How Bullfighting Works

The ritual of the bullfight entrances some and horrifies others.
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The sequined and gold embroidered traje de luces, or suit of lights, gleams in the afternoon sun as the matador waves his scarlet cape. The enormous bull, head hanging from injury but still very powerful, charges. With one hand, the matador whisks his cape around in a move as carefully choreographed as a ballet, causing the bull to turn. With the other hand, he plunges the sword into the bull's neck between his shoulder blades and delivers the fatal blow. The crowd cheers the bull and the matador for a fine performance in this centuries-old dance of death.

Since at least the fourth century, bullfighters have faced their own mortality in an expression of what some in Spain, the home of bullfighting, call national tradition, but others call animal cruelty.


The American author Ernest Hemingway celebrated the art and choreography of bullfighting in his nonfiction account "Death in the Afternoon." First published in 1932, the book is considered one of the most influential works on the spectacle ever written. In addition to honoring the sport itself, it offers the author's opinion on what he sees as the considerable bravery of matadors. Hemingway's love of bullfighting also features in his novels, including "The Dangerous Summer," about two rival matadors.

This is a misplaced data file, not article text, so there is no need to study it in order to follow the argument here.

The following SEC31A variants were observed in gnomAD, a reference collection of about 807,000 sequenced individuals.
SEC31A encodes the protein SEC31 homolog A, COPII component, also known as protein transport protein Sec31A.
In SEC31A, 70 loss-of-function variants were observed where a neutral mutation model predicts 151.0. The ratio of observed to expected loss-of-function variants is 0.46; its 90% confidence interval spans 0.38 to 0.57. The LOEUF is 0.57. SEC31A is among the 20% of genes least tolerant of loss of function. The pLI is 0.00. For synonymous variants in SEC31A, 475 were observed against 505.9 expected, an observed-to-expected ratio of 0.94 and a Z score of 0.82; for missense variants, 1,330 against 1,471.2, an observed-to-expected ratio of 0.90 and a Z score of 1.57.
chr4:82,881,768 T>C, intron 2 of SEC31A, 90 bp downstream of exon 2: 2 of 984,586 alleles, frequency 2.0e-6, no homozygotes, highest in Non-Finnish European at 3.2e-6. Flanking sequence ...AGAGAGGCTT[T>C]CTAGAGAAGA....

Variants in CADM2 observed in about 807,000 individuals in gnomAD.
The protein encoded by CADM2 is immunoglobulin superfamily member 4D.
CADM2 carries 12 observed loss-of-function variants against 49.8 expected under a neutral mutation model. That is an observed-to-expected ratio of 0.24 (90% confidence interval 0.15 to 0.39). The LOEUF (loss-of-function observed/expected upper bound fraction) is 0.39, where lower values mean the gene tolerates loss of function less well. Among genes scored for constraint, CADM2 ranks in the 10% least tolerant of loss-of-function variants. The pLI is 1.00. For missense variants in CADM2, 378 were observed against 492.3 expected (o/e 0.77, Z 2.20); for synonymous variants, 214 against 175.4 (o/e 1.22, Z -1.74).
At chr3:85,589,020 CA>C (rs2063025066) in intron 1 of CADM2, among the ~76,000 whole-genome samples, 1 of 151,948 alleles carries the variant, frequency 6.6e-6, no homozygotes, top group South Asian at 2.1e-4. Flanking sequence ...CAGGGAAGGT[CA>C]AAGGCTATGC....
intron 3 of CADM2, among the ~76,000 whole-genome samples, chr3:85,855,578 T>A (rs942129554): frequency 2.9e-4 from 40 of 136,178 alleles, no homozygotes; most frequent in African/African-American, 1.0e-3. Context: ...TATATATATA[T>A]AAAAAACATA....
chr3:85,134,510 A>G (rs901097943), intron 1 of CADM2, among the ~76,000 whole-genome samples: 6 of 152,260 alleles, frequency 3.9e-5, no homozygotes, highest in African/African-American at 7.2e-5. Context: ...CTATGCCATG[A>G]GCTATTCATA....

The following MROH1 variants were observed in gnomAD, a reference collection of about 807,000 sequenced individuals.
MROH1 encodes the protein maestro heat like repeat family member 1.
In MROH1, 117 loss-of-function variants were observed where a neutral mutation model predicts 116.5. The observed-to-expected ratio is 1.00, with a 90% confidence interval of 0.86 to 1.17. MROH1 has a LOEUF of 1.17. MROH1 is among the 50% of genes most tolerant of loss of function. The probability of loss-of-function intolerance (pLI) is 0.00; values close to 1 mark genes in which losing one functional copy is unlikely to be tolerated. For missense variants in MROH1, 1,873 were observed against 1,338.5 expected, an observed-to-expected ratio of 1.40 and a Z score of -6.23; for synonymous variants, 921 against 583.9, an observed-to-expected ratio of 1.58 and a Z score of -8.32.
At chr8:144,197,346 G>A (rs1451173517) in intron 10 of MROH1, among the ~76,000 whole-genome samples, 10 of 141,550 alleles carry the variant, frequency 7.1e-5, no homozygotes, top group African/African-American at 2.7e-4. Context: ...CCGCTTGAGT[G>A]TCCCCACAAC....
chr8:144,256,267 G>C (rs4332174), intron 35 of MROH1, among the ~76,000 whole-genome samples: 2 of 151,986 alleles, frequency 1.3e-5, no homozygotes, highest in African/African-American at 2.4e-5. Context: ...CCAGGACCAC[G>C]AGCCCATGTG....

Hemingway's interpretation of bullfighting as an honorable tradition is at odds with animal rights activists and others who view it as animal cruelty. In this article, which focuses primarily on bullfighting in Spain, we'll look back at the history of bullfighting and see how it continues to evolve. We'll also learn who does what in a bullfight and what happens to the bull. We'll look at the business of bullfighting and finally, examine the charges of animal cruelty that are causing it to be banned in a growing number of areas.

Next up, how bullfighting began -- a brief look at the rituals, games and history that became the sport we know today.